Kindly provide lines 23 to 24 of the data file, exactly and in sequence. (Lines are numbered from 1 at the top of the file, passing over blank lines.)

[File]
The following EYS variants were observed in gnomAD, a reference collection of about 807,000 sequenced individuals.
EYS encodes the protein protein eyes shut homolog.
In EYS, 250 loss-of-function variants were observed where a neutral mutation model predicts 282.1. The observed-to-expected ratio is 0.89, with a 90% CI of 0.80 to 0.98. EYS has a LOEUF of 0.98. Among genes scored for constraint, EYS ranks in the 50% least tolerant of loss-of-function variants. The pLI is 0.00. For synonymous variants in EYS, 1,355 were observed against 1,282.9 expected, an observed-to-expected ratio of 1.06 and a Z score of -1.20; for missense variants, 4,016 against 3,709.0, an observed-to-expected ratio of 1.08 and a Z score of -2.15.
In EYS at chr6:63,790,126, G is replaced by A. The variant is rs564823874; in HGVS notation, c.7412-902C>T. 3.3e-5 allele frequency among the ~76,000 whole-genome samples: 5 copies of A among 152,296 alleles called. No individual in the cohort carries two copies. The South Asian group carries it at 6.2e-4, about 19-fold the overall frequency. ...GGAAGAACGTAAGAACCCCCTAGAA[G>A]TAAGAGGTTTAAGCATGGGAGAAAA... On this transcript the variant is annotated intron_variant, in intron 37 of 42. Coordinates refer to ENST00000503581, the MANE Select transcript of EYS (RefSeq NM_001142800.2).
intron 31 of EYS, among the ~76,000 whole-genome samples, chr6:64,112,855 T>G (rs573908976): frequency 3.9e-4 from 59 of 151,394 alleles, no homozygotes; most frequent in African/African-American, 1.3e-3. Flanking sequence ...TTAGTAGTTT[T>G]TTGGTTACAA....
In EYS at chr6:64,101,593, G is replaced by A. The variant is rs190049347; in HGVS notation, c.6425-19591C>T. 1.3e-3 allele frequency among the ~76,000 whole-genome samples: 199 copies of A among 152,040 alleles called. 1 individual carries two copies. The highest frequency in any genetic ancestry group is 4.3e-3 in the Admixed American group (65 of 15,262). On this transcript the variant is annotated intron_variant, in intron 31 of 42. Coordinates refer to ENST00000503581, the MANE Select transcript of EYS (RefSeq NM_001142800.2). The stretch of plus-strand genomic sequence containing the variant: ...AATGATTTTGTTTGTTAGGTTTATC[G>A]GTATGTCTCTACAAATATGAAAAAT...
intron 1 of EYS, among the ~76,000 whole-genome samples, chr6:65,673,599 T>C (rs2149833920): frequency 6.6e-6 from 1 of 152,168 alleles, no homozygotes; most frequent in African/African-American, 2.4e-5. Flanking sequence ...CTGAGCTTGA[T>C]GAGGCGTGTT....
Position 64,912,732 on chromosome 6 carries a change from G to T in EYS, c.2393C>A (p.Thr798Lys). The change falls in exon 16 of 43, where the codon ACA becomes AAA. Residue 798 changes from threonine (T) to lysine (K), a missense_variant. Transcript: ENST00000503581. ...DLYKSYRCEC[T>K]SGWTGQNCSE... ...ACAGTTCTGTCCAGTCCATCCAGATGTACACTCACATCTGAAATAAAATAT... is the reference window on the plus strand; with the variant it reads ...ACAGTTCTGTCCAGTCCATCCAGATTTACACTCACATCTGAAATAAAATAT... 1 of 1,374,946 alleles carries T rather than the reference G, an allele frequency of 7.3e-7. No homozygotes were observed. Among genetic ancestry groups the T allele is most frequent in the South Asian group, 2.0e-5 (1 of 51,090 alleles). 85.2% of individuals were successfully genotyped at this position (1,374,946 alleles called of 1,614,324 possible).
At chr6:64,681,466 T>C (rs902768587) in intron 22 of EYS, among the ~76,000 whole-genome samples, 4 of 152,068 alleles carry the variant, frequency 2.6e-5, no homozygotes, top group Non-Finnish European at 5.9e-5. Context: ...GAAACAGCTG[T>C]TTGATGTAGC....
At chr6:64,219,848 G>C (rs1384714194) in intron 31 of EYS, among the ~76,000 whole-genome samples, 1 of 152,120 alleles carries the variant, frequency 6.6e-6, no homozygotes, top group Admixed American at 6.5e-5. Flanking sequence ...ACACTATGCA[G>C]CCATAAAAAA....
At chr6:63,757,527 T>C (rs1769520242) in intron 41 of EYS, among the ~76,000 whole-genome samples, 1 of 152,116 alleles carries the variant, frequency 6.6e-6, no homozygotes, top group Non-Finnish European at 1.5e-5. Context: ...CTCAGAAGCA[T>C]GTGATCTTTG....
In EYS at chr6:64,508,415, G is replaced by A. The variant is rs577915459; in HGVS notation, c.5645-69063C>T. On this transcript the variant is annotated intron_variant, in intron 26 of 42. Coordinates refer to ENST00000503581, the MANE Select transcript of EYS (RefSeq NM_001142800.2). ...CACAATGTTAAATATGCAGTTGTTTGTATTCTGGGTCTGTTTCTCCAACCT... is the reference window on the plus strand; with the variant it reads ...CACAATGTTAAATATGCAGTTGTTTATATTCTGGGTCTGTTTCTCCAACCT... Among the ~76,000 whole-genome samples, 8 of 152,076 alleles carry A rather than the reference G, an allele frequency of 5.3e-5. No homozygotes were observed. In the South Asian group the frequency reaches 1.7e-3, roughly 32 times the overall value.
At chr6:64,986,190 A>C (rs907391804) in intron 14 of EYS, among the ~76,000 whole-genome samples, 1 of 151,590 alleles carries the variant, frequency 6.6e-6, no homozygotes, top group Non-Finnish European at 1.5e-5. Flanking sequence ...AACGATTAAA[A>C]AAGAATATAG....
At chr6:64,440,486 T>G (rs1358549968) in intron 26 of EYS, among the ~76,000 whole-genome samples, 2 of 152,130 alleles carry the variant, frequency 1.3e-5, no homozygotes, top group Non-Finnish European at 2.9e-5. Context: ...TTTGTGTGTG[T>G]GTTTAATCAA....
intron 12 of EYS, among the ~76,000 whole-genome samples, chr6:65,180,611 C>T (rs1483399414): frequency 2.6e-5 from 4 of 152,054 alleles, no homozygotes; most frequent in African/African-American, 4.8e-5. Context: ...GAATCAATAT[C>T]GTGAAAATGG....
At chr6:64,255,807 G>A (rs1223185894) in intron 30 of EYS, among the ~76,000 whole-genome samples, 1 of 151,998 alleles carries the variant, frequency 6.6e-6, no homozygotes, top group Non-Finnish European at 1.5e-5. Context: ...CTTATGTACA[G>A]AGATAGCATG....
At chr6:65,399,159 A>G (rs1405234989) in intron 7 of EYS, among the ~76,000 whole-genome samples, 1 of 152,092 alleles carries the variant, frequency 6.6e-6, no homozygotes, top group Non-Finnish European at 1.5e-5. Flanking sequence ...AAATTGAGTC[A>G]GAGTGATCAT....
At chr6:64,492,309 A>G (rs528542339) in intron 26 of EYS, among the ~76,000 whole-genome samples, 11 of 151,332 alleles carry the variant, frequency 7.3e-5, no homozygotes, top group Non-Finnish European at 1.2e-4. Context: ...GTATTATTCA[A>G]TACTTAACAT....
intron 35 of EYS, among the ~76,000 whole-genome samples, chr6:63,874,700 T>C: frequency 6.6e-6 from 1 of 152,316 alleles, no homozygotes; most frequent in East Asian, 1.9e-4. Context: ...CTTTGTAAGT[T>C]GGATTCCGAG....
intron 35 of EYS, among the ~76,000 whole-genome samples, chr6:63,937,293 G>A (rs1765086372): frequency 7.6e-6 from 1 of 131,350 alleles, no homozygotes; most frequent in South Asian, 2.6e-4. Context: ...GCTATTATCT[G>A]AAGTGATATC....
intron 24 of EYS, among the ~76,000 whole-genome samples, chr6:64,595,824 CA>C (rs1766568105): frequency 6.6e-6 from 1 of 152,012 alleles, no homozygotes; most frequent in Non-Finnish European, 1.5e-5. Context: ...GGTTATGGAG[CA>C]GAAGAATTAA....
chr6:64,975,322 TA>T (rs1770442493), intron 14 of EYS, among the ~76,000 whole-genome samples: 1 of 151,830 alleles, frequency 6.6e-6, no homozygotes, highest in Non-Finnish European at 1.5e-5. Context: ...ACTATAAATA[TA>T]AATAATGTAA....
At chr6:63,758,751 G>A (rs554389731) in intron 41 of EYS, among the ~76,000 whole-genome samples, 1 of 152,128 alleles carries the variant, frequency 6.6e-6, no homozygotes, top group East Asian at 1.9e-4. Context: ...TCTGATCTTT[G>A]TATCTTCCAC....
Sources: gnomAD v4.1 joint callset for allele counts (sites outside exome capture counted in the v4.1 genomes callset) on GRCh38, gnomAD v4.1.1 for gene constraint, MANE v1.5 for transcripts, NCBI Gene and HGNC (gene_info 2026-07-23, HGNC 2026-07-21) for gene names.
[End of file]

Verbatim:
At chr6:63,758,751 G>A (rs554389731) in intron 41 of EYS, among the ~76,000 whole-genome samples, 1 of 152,128 alleles carries the variant, frequency 6.6e-6, no homozygotes, top group East Asian at 1.9e-4. Context: ...TCTGATCTTT[G>A]TATCTTCCAC....
Sources: gnomAD v4.1 joint callset for allele counts (sites outside exome capture counted in the v4.1 genomes callset) on GRCh38, gnomAD v4.1.1 for gene constraint, MANE v1.5 for transcripts, NCBI Gene and HGNC (gene_info 2026-07-23, HGNC 2026-07-21) for gene names.